M*A*S*H: A writer’s view. #5 in the series.

In one of my previous posts on M*A*S*H, I mentioned that the original cast, with its three distinct comedy double acts, could have carried on almost indefinitely, but that external forces prevented them. The old theologians liked to talk about the three great sources of temptation, the World, the Flesh, and the Devil; and one could make a pretty fair case that these three tempters broke up the three double acts and prepared the way for the series’ eventual decline. Actually, the frequent changes of cast were a mixed blessing for M*A*S*H. The exquisite structure of the original cast was broken up. On the other hand, new actors and new characters meant new situations that the writers could exploit; and since the writers themselves were replaced at a fairly steady rate (until the great climacteric of ’79, to be discussed later), there were always fresh approaches and new points of view in the scripts.

The third season, for instance, featured the first scripts by Linda Bloodworth and Mary Kay Place, the show’s first women writers; their chief contribution, perhaps, was to make the nurses more important to the stories, without using them merely as love interests or sexual foils for the surgeons. Mary Kay Place guest-starred in an episode she had co-written, ‘Springtime’, playing a nurse whom Radar inadvertently (and comically) seduces by reading her a horrible poem by ‘Ruptured Brooke’:

The damned ship lurched and slithered. Quiet and quick
My cold gorge rose; the long sea rolled; I knew
I must think hard of something, or be sick….

Do I forget you? Retchings twist and tie me,
Old meat, good meals, brown gobbets, up I throw—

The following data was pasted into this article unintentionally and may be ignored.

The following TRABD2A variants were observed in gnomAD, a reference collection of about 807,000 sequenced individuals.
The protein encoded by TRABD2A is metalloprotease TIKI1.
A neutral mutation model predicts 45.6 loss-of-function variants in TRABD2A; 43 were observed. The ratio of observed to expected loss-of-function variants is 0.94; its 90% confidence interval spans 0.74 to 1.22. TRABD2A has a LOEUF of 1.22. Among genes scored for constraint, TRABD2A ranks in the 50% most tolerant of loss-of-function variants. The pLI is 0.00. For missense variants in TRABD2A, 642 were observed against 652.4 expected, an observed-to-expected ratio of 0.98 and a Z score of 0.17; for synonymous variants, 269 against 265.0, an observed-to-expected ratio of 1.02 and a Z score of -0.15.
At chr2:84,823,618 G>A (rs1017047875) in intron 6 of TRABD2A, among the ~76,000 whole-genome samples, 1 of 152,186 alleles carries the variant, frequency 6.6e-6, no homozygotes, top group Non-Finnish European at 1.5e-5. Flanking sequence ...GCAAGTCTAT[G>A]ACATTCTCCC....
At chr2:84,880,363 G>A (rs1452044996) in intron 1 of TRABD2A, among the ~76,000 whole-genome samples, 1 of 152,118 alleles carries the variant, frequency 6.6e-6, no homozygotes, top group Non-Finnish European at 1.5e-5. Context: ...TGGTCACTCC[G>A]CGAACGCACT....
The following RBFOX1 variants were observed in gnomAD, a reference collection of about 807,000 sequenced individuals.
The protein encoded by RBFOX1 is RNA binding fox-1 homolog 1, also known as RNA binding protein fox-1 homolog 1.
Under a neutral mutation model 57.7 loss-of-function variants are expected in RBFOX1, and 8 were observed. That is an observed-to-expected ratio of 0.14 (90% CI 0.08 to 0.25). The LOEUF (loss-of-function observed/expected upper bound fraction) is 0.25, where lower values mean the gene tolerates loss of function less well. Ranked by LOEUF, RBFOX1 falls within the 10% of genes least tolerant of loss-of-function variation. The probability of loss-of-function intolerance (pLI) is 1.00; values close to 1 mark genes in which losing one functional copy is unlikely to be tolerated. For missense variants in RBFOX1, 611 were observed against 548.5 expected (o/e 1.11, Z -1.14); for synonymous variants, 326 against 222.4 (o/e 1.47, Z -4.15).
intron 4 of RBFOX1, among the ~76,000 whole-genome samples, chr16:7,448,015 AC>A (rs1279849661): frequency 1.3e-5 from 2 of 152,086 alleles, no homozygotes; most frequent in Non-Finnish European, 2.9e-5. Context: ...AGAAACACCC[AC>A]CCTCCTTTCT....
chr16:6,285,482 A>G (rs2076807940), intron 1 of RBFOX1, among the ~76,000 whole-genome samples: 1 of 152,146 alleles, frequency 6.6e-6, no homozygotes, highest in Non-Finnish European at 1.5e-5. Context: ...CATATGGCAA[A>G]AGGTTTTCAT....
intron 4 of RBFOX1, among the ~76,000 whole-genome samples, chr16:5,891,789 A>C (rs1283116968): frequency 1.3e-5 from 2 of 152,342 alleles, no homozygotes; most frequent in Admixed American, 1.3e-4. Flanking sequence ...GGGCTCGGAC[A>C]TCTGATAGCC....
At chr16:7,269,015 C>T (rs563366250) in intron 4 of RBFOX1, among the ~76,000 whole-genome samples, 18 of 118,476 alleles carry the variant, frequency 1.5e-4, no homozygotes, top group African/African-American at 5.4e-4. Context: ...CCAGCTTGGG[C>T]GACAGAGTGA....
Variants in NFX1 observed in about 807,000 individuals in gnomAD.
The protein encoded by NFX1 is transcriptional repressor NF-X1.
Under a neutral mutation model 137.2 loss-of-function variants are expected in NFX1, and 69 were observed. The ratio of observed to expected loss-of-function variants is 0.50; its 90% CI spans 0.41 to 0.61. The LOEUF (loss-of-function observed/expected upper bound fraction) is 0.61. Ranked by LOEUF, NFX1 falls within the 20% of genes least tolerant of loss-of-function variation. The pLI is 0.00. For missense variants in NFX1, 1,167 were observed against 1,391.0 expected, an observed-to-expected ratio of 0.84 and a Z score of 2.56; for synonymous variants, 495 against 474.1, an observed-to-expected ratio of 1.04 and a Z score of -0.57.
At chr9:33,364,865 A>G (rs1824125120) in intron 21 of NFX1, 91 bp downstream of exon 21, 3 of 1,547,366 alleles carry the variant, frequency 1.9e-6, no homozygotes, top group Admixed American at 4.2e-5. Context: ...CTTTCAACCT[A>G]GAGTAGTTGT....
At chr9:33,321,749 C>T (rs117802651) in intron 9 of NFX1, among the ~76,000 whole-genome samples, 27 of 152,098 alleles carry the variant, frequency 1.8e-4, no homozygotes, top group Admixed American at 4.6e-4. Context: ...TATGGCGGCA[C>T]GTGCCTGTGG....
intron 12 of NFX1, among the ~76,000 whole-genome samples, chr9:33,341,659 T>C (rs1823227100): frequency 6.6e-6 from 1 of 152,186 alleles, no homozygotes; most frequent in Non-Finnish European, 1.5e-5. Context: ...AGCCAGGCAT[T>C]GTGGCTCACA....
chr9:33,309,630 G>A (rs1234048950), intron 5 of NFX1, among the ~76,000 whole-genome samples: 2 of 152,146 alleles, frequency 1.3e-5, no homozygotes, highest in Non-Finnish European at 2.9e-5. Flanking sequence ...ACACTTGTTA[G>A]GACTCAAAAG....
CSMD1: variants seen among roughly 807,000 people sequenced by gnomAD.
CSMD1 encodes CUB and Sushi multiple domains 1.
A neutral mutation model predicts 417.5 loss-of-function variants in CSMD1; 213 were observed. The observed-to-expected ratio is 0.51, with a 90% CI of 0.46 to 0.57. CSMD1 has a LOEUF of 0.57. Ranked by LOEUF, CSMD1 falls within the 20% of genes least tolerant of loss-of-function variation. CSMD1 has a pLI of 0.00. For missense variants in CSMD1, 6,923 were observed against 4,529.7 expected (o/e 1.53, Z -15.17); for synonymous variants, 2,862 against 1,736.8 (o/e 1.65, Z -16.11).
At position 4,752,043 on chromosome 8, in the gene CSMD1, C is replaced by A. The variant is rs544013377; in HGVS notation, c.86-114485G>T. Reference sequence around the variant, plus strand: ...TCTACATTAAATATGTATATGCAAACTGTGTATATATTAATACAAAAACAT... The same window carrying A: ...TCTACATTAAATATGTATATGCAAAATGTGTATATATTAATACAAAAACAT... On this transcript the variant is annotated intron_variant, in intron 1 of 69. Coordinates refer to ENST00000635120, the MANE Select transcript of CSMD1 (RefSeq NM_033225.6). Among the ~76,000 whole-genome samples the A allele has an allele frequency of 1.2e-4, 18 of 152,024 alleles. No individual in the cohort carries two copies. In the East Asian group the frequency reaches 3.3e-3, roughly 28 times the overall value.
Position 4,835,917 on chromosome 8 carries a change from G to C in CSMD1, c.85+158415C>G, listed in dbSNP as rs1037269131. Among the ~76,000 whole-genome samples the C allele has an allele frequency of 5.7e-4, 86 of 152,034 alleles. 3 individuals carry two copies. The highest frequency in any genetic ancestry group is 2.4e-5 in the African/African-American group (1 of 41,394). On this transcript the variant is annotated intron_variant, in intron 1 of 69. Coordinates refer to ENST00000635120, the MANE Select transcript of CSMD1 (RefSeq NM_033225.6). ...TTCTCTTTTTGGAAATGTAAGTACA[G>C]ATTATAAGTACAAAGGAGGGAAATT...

At which point Place throws herself at Radar, moaning, ‘You don’t give a girl a chance!’ Whereupon the rest of the poem (‘A Channel Passage’) is fortunately lost.

But the real genius of the middle years of M*A*S*H belonged to a veteran writing team that Larry Gelbart brought in for the third season: Jim Fritzell and Everett Greenbaum, who had cut their teeth in radio, and had worked in television since the beginning of that medium. Before he died, Greenbaum did a long interview for the Archive of American Television, which (among many other reminiscences) sheds much light on the process of writing for M*A*S*H.

Greenbaum and Fritzell, more than anyone except the show’s creators, had their fingers on the pulse of M*A*S*H; they understood the characters (and the armed forces) intimately. So the producers relied on them exclusively for the most difficult and delicate writing jobs of all: writing out old characters and introducing new ones whenever the cast was changed. The duo’s first script also marked the first appearance of Harry Morgan on the show. The third season premiere was a lighthearted episode called ‘The General Flipped at Dawn’, in which Morgan played the loony Gen. Bartford Hamilton Steele (‘Three E’s, not all in a row’). Steele tried to court-martial Hawkeye, but sabotaged himself by asking his first witness, a black chopper pilot, to perform a musical number: ‘It’s in your blood, boy. Just let it out!’ Steele then danced out of the tent singing ‘Mississippi Mud’, officially ending the hearing. This sounds like an invention from the remotest fringes of fantasy, but it is actually based on a disciplinary hearing that Greenbaum personally witnessed during his Navy service in the Second World War.

That episode was an instant classic, fully justifying the decision to bring the new writers aboard; they wrote five more episodes that season, and about two dozen over the four years that they worked on the show. Their next important assignment was to write the season finale, ‘Abyssinia, Henry,’ containing an event that sent a seismic shock through the sitcom business: the death of Henry Blake. At this point we introduce the first of the three classic tempters: the World.

The original cast of M*A*S*H took their roles on the understanding that it would be a show with a true ensemble cast, and for the first season, that promise was largely kept – though even then, Alan Alda was clearly more equal than the rest. The show narrowly avoided cancellation after that year, and CBS seems to have insisted on various changes as the price of renewal. One was the elimination of minor characters like Nurse Cutler and Ugly John. Another was an increased emphasis on Alda’s character, as he was the one actor on the show whom the network considered genuinely bankable. Alda took an increasing role behind the scenes as well. He was the first cast member to write a script for the show, a bit of comic fluff called ‘The Longjohn Flap’; in the third season he began directing episodes, and by the sixth he had largely taken over creative control.